Public officials may sometimes use personal devices such as smartphones and personal e-mail or other accounts to communicate concerning their agency’s business. Are these e-mails, texts, or other communications “public records” that must be disclosed in response to a demand under the California Public Records Act? The California Supreme Court will soon decide.
The Court of Appeal in City of San Jose v. Superior Court held on March 27, 2014 that communications between public officials using exclusively private smartphones and e-mail accounts did not have to be disclosed under the Public Records Act. On June 25, 2014, however, the California Supreme Court granted review. Until that Court decides the case, the question will remain an open one.
Public records laws like the California Public Records Act provide for transparency in government decision making. In enacting the Public Records Act, the California Legislature declared that “access to information concerning the conduct of the people’s business is a fundamental and necessary right of every person in this state.” (Cal. Gov. Code section 6250.) The California Supreme Court has previously explained: “Openness in government is essential to the functioning of a democracy.” The California Public Records Act effectuates these policies by providing that “public records” are available to anyone upon request. The Act defines public records as “any writing[s] containing information relating to the conduct of the public’s business prepared, owned, used, or retained by any state or local agency regardless of physical form or characteristics.” (Id., section 6252(e).) The procedural requirements of the Act are fairly straightforward. When a member of the public requests records, the agency must respond within a short time, usually 10 days, advising the requestor whether the agency will produce the document. It must then make the records available for inspection, and under certain circumstances provide exact copies of the records. (Records need not be produced, however, if they come under certain statutory exemptions, for example if they are documents regarding pending litigation, documents that are attorney-client privilege or subject to other privileges, specified peace officer records, or certain personnel records.)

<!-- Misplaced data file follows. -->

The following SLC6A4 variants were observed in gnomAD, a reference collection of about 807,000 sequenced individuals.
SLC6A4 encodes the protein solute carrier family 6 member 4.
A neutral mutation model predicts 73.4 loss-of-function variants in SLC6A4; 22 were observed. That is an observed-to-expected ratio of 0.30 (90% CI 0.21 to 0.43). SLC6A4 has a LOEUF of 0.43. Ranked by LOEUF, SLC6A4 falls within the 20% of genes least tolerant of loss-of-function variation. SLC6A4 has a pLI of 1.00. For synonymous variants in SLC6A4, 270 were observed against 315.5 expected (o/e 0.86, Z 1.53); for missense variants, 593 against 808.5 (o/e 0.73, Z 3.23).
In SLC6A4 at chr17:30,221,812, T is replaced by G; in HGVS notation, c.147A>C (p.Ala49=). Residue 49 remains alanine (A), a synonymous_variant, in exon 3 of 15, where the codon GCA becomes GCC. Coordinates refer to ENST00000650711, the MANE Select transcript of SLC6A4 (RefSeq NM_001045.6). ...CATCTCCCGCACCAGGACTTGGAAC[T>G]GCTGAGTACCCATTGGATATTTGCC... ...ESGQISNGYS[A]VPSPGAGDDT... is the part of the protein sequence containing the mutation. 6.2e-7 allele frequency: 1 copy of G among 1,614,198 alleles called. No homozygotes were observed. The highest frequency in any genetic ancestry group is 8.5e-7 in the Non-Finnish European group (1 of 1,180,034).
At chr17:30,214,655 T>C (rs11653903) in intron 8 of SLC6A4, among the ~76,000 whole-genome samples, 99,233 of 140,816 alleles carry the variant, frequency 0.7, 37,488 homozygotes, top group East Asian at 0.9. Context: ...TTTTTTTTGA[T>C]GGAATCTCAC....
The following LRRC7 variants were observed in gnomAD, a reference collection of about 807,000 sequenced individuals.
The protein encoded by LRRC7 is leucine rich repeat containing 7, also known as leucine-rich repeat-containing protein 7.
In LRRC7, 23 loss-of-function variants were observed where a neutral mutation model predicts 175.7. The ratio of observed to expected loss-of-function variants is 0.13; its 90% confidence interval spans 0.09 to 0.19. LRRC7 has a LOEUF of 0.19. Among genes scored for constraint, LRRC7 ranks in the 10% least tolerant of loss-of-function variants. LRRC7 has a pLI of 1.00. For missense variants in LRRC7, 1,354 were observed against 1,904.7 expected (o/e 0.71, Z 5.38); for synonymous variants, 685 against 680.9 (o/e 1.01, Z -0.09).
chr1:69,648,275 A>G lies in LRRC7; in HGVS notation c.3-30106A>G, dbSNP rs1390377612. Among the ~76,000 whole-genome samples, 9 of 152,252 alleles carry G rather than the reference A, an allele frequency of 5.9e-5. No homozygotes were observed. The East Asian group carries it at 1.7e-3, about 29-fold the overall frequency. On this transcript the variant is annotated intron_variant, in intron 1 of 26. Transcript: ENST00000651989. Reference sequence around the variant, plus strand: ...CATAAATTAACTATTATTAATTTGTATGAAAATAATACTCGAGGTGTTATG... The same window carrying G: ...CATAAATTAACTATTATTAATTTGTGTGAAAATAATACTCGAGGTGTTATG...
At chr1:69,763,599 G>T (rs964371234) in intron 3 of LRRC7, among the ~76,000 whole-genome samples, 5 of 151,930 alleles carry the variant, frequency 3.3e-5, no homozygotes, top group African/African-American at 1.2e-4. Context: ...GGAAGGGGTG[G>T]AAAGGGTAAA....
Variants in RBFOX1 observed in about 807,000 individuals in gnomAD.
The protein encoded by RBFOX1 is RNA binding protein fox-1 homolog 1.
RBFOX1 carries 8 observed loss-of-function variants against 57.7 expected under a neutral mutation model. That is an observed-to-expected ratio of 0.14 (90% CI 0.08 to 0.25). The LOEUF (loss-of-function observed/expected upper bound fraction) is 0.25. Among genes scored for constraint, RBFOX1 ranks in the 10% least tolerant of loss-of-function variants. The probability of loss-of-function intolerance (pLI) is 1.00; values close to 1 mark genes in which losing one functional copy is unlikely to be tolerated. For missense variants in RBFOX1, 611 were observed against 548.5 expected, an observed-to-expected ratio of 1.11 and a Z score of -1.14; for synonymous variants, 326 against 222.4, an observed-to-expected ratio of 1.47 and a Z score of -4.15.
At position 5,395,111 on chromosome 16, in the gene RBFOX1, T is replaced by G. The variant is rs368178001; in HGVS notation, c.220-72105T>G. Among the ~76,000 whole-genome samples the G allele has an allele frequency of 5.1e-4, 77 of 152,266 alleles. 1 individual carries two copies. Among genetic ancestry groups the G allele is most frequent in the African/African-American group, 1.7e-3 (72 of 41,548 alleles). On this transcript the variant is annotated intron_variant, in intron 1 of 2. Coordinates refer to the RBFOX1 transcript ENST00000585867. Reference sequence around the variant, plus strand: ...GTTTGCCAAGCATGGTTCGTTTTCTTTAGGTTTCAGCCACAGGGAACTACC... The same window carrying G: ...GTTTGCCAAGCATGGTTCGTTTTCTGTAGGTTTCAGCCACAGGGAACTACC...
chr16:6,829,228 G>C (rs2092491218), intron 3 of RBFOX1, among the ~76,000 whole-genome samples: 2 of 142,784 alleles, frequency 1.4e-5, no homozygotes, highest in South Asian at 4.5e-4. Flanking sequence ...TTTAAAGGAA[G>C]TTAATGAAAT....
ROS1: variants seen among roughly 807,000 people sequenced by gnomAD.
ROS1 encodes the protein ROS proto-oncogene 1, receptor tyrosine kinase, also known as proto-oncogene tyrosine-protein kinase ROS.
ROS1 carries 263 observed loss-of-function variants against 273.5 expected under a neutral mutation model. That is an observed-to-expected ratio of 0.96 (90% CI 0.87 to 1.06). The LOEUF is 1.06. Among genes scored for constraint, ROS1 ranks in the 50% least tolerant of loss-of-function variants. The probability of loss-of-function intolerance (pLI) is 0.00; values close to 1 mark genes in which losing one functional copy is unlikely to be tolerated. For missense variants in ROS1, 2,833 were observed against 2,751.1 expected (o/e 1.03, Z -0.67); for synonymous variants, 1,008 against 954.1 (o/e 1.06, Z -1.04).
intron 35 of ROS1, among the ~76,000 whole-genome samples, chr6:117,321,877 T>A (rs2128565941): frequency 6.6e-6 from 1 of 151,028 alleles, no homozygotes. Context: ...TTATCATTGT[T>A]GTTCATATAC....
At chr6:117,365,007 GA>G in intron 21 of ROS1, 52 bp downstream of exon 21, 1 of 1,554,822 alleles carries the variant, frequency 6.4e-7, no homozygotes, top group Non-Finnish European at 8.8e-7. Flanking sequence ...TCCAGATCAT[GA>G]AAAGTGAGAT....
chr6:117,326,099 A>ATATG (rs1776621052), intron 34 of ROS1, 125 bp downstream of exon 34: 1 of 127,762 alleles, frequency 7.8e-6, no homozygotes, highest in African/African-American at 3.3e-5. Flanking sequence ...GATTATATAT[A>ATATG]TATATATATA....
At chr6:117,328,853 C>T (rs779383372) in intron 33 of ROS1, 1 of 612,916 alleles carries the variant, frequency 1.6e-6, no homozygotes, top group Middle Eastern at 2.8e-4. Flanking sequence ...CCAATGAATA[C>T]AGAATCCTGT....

The City of San Jose case arose from the following facts. In June 2009, a man named Ted Smith submitted a request to the City, seeking 32 categories of public records relating to redevelopment of San Jose’s downtown area. The City complied with most of the requests, but declined in part to produce in response to requests for “[a]ny and all voicemails, emails or text messages sent or received on private electronic devices used by Mayor Chuck Reed or members of the City Council, or their staff, regarding any matters concerning the City of San Jose, including any matters concerning [certain persons] or anyone associated with Urban Markets LLC or San Pedro Square Properties.” The City allowed inspection of responsive non-exempt records that were sent from or received on private electronic devices of the individuals using City accounts. But it would not make available records from those individuals’ private electronic devices that used the individual’s private accounts. An example of a record not produced would be a message sent from a private Gmail account using the person’s own personal electronic device. The City reasoned that these were not “public records,” even if they did relate to the City’s business as specified in the requests.